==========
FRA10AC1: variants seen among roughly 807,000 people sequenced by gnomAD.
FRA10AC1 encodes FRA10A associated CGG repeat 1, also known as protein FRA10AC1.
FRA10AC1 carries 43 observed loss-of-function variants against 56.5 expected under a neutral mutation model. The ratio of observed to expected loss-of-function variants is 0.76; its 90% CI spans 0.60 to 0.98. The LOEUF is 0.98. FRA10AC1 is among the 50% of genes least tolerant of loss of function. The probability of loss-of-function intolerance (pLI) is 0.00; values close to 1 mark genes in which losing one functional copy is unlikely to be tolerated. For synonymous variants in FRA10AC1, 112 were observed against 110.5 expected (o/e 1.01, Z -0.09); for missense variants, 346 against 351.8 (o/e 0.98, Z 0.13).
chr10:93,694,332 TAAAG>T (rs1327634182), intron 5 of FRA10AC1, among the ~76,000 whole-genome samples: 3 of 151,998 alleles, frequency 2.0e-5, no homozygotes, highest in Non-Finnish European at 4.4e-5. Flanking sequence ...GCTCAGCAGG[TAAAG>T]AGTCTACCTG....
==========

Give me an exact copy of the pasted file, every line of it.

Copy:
FRA10AC1: variants seen among roughly 807,000 people sequenced by gnomAD.
FRA10AC1 encodes FRA10A associated CGG repeat 1, also known as protein FRA10AC1.
FRA10AC1 carries 43 observed loss-of-function variants against 56.5 expected under a neutral mutation model. The ratio of observed to expected loss-of-function variants is 0.76; its 90% CI spans 0.60 to 0.98. The LOEUF is 0.98. FRA10AC1 is among the 50% of genes least tolerant of loss of function. The probability of loss-of-function intolerance (pLI) is 0.00; values close to 1 mark genes in which losing one functional copy is unlikely to be tolerated. For synonymous variants in FRA10AC1, 112 were observed against 110.5 expected (o/e 1.01, Z -0.09); for missense variants, 346 against 351.8 (o/e 0.98, Z 0.13).
chr10:93,694,332 TAAAG>T (rs1327634182), intron 5 of FRA10AC1, among the ~76,000 whole-genome samples: 3 of 151,998 alleles, frequency 2.0e-5, no homozygotes, highest in Non-Finnish European at 4.4e-5. Flanking sequence ...GCTCAGCAGG[TAAAG>T]AGTCTACCTG....